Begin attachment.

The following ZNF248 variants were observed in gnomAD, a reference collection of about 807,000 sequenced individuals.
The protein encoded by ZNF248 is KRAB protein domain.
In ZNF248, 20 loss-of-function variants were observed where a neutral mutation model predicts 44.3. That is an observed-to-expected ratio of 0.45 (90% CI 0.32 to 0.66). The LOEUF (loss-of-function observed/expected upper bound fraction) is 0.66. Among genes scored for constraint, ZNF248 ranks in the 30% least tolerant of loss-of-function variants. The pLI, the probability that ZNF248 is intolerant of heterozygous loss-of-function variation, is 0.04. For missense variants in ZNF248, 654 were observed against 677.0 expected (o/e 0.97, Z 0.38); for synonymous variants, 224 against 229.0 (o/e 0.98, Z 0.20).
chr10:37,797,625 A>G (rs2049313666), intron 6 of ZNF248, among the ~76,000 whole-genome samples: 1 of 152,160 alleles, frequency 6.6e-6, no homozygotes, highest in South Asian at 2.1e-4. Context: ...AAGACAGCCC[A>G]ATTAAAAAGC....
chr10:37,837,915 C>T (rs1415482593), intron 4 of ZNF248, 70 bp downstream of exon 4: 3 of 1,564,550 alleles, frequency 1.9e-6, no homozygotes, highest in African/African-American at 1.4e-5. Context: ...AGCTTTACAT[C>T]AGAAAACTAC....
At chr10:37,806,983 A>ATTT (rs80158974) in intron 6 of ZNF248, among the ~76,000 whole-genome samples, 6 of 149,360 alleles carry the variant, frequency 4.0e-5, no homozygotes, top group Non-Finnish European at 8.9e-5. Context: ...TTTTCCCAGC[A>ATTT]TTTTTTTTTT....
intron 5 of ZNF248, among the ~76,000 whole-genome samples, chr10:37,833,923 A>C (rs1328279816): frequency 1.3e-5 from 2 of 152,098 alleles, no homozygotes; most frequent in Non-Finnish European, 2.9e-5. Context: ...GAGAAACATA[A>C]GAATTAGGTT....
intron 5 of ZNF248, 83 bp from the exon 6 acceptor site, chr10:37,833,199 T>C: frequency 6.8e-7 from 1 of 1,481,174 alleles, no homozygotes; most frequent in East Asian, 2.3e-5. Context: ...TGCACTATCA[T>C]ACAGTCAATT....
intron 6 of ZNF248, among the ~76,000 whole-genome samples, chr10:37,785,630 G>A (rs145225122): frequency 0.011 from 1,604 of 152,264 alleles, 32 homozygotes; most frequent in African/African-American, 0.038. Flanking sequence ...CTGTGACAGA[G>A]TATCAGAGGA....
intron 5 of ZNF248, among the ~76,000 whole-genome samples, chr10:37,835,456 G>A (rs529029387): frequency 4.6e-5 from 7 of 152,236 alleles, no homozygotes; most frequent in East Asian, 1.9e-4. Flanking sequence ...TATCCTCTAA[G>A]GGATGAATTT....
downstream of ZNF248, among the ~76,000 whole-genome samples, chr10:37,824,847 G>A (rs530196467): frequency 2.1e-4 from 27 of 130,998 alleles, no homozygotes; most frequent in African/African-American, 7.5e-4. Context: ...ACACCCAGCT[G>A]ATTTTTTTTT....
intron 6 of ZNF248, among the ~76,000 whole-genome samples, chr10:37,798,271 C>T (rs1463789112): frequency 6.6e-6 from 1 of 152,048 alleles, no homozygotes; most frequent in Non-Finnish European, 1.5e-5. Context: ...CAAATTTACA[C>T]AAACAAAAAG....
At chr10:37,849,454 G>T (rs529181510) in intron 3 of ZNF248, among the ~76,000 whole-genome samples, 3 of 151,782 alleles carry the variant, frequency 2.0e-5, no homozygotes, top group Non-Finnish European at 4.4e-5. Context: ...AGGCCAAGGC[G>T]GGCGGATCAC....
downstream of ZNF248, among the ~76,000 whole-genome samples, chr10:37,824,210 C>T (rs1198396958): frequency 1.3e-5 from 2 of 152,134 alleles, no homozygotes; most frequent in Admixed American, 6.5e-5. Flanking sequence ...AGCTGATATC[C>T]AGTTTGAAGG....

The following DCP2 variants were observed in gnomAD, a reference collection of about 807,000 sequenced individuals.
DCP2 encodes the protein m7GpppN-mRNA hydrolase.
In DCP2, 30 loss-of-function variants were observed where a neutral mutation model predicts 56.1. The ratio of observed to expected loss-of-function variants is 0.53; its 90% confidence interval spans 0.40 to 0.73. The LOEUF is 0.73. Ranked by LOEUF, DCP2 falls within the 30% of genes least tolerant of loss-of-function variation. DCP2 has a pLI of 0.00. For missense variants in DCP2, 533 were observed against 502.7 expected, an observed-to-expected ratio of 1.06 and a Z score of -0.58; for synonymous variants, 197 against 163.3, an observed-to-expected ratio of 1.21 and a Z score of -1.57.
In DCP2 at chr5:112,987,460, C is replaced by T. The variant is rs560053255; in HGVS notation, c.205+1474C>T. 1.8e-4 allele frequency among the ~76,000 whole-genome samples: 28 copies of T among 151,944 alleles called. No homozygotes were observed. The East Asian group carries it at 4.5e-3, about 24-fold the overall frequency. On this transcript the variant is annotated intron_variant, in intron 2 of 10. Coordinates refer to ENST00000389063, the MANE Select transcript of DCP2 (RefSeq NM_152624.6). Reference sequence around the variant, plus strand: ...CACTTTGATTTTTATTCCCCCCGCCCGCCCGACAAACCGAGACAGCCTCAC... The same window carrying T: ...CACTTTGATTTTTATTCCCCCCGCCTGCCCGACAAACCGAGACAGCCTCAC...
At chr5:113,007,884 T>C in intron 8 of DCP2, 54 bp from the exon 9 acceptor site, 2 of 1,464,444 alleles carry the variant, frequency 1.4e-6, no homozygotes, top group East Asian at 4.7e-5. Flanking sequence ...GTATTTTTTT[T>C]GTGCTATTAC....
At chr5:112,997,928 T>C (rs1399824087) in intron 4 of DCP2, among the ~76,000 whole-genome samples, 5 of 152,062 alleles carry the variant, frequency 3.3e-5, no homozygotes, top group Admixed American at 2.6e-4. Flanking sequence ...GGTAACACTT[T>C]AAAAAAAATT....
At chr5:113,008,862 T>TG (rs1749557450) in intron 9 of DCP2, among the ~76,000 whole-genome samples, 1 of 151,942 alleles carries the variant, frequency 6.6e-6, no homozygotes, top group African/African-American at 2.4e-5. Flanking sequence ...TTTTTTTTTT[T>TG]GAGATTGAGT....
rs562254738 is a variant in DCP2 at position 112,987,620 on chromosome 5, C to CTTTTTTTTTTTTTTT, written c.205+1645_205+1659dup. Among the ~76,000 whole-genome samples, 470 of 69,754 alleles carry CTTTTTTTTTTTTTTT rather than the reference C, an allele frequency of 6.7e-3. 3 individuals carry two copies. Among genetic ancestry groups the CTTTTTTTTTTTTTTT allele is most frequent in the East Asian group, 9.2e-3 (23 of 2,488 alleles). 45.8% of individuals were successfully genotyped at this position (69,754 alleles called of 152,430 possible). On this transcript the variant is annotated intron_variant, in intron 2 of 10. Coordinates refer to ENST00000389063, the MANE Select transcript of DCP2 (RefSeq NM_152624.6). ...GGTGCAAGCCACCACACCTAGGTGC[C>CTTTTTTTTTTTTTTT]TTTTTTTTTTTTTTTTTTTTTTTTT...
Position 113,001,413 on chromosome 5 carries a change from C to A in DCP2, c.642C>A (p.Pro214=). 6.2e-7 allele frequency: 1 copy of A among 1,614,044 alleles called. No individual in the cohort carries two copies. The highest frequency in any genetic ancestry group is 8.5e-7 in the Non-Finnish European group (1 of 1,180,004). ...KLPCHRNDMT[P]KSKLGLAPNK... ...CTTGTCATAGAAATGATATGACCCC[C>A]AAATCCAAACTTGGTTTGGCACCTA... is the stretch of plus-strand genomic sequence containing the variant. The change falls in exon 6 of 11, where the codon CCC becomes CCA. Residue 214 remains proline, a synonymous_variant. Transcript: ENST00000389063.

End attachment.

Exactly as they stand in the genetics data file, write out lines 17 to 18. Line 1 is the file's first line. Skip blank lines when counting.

In DCP2, 30 loss-of-function variants were observed where a neutral mutation model predicts 56.1. The ratio of observed to expected loss-of-function variants is 0.53; its 90% confidence interval spans 0.40 to 0.73. The LOEUF is 0.73. Ranked by LOEUF, DCP2 falls within the 30% of genes least tolerant of loss-of-function variation. DCP2 has a pLI of 0.00. For missense variants in DCP2, 533 were observed against 502.7 expected, an observed-to-expected ratio of 1.06 and a Z score of -0.58; for synonymous variants, 197 against 163.3, an observed-to-expected ratio of 1.21 and a Z score of -1.57.
In DCP2 at chr5:112,987,460, C is replaced by T. The variant is rs560053255; in HGVS notation, c.205+1474C>T. 1.8e-4 allele frequency among the ~76,000 whole-genome samples: 28 copies of T among 151,944 alleles called. No homozygotes were observed. The East Asian group carries it at 4.5e-3, about 24-fold the overall frequency. On this transcript the variant is annotated intron_variant, in intron 2 of 10. Coordinates refer to ENST00000389063, the MANE Select transcript of DCP2 (RefSeq NM_152624.6). Reference sequence around the variant, plus strand: ...CACTTTGATTTTTATTCCCCCCGCCCGCCCGACAAACCGAGACAGCCTCAC... The same window carrying T: ...CACTTTGATTTTTATTCCCCCCGCCTGCCCGACAAACCGAGACAGCCTCAC...